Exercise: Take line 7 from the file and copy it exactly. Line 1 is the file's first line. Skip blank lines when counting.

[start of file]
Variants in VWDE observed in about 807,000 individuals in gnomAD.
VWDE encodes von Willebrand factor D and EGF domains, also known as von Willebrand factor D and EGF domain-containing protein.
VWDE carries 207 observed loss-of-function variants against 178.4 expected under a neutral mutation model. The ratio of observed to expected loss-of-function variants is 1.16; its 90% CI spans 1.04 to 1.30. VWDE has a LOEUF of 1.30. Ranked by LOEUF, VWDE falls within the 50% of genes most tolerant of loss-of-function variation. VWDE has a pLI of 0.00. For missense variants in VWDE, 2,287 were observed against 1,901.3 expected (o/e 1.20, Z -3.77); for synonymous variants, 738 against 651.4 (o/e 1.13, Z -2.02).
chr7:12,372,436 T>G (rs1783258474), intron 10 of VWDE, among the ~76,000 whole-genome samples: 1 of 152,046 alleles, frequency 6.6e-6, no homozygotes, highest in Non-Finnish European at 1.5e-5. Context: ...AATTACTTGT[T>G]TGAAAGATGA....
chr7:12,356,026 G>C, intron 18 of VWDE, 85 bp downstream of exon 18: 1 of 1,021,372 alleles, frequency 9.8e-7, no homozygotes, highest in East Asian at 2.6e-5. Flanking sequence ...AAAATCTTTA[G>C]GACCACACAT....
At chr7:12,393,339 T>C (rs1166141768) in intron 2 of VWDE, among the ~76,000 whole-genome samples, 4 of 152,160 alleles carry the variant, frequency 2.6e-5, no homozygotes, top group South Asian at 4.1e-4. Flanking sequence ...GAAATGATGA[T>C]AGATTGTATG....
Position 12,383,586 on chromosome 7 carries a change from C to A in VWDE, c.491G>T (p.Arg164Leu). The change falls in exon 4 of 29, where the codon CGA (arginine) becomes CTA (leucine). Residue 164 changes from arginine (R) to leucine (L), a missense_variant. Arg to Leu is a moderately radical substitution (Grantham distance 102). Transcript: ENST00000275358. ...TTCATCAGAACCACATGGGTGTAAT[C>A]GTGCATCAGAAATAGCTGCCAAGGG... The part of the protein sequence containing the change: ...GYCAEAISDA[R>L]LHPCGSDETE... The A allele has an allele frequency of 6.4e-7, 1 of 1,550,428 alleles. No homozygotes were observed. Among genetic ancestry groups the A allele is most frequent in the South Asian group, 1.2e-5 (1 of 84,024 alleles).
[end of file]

Position 12,383,586 on chromosome 7 carries a change from C to A in VWDE, c.491G>T (p.Arg164Leu). The change falls in exon 4 of 29, where the codon CGA (arginine) becomes CTA (leucine). Residue 164 changes from arginine (R) to leucine (L), a missense_variant. Arg to Leu is a moderately radical substitution (Grantham distance 102). Transcript: ENST00000275358. ...TTCATCAGAACCACATGGGTGTAAT[C>A]GTGCATCAGAAATAGCTGCCAAGGG... The part of the protein sequence containing the change: ...GYCAEAISDA[R>L]LHPCGSDETE... The A allele has an allele frequency of 6.4e-7, 1 of 1,550,428 alleles. No homozygotes were observed. Among genetic ancestry groups the A allele is most frequent in the South Asian group, 1.2e-5 (1 of 84,024 alleles).